A new photography exhibition in Washington, DC is attracting visitors who have come to see one of the most iconic photographers in the world step out of her comfort zone.
‘Pilgrimage’, a collection of new works by Annie Leibovitz on at the Smithsonian American Art Museum is a world away from her popular celebrity portraits, and in many ways, sees the photographer returning back to basics.
Taken during a series of road trips, the inspiration for the new exhibit came from a book she planned to make with her partner Susan Sontag – after Sontag passed away; Leibovitz revived the concept with her children.
Her first stop, she said, was Niagara Falls.
“I was sitting off to the side, feeling a little down, and I saw my children mesmerized, studying the falls,” Leibovitz said. “And I walked over, stood behind them… and I took this picture.”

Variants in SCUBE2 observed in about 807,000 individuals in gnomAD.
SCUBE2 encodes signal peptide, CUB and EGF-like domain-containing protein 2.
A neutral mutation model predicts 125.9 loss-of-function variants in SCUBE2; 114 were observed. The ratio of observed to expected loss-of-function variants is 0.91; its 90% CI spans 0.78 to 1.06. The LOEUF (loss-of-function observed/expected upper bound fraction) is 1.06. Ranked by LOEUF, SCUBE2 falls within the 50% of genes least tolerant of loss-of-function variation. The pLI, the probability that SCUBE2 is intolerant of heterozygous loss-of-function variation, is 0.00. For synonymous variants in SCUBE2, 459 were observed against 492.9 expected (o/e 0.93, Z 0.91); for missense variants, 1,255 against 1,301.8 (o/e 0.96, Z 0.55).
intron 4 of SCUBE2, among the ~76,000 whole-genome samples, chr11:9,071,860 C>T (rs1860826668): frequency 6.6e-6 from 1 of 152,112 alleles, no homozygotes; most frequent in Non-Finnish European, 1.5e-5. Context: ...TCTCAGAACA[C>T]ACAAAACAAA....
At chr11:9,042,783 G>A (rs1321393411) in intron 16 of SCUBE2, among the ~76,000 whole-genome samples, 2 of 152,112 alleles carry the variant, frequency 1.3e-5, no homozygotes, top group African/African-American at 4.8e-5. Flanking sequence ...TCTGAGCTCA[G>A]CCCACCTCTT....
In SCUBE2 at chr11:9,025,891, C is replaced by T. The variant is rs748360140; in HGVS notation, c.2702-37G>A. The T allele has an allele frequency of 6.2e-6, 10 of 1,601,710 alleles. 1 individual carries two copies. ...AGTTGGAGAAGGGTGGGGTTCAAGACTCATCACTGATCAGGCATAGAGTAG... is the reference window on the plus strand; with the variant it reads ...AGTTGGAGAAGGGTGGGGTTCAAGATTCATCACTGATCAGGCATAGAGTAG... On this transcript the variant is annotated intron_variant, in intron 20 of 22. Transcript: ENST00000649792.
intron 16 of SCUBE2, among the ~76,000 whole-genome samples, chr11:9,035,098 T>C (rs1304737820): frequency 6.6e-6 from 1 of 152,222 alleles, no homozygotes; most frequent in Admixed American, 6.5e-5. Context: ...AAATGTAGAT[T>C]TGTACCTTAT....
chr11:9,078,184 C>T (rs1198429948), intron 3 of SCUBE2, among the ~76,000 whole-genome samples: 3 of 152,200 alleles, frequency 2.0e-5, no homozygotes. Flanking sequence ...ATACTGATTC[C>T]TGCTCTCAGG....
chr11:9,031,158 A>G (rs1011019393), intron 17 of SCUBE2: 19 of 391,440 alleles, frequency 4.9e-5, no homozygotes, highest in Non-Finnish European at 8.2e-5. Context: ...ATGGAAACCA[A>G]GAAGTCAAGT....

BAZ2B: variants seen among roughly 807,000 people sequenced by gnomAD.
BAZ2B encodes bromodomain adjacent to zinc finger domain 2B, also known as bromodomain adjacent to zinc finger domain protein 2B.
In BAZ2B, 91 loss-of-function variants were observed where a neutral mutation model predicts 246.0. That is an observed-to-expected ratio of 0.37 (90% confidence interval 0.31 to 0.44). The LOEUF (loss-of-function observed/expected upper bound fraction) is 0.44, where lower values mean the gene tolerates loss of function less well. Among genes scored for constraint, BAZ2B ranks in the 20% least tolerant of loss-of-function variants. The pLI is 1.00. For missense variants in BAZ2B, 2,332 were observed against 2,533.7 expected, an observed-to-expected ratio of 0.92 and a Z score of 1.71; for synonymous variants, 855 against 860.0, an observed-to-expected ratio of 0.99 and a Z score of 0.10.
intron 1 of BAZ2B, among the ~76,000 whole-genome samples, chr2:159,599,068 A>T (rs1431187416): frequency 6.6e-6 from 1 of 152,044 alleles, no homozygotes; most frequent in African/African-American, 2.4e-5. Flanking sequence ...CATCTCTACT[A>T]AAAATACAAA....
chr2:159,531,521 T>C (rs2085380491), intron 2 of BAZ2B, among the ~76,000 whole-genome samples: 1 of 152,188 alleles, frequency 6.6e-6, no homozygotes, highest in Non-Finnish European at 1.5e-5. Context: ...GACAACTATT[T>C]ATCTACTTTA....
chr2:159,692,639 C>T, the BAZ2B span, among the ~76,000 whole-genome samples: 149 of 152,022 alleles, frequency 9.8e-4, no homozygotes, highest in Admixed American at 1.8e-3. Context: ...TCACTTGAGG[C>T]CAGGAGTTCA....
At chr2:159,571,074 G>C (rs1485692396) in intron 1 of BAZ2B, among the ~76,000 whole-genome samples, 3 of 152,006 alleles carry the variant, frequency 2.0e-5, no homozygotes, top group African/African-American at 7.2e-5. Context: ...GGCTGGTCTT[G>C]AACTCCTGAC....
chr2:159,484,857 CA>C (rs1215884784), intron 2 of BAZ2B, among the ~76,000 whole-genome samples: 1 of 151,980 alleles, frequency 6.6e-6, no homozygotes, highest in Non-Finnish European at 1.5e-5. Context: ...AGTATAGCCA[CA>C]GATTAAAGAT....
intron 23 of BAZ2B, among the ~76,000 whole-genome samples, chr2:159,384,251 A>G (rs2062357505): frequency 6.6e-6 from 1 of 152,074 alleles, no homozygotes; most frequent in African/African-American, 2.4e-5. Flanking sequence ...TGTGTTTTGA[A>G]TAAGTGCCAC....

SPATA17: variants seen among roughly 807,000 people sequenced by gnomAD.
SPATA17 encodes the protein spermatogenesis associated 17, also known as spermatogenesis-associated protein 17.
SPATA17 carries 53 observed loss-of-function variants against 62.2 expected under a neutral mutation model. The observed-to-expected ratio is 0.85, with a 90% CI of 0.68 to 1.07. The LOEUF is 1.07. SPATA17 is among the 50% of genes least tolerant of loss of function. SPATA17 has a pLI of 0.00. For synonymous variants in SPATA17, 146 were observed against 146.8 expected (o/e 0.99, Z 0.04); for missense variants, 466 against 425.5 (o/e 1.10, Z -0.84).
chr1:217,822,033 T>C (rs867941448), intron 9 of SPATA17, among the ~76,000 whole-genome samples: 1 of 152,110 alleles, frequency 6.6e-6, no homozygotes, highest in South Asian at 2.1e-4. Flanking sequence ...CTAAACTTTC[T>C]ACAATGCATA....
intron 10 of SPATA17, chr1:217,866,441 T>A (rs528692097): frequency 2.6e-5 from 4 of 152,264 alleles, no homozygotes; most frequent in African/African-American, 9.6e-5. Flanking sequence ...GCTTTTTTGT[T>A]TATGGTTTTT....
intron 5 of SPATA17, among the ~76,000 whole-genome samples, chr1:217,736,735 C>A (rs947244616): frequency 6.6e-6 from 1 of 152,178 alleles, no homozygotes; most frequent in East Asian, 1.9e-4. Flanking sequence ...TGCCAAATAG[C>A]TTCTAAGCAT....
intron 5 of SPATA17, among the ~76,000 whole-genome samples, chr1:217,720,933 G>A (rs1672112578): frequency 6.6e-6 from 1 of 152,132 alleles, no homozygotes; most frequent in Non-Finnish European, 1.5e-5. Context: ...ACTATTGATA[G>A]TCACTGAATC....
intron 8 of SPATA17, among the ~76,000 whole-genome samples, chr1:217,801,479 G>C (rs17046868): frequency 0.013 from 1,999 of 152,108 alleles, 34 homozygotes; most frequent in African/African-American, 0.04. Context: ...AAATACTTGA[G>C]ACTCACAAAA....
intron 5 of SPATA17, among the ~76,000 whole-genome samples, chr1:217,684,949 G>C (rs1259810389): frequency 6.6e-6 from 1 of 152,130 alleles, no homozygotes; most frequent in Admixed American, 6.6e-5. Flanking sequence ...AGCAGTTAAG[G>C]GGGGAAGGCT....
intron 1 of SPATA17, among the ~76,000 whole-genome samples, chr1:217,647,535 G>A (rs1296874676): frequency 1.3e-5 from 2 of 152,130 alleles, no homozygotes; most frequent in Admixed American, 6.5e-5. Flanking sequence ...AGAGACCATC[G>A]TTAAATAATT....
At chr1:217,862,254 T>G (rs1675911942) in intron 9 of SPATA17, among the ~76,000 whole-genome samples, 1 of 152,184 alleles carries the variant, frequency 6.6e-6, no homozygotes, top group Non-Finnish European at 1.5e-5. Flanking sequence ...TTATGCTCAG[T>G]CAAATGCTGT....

As Leibovitz continued on, she took pictures of historic places objects, landscapes and scenes. Highlights include the homes of author Louisa May Alcott, Elvis Presley and essayist Ralph Waldo Emerson, among others.
“I was swept away when I walked into these places,” she said. “I found myself taking pictures and not thinking about any consequences. I was seduced.”
Fans of Leibovitz are also particularly interested in this show, as it’s the first gallery show with all-digital photographs.
“This is an amazing time to be a photographer,” she said. “I was like a girl who went out and took pictures, and everyone else took care of everything else. Now I really do need to take care of everything.”
“It’s a project I did for myself. I wanted to be seduced into a photograph and not make it up,” she said. “And I wanted to take my time.”
Pilgrimage is on display until 20 May.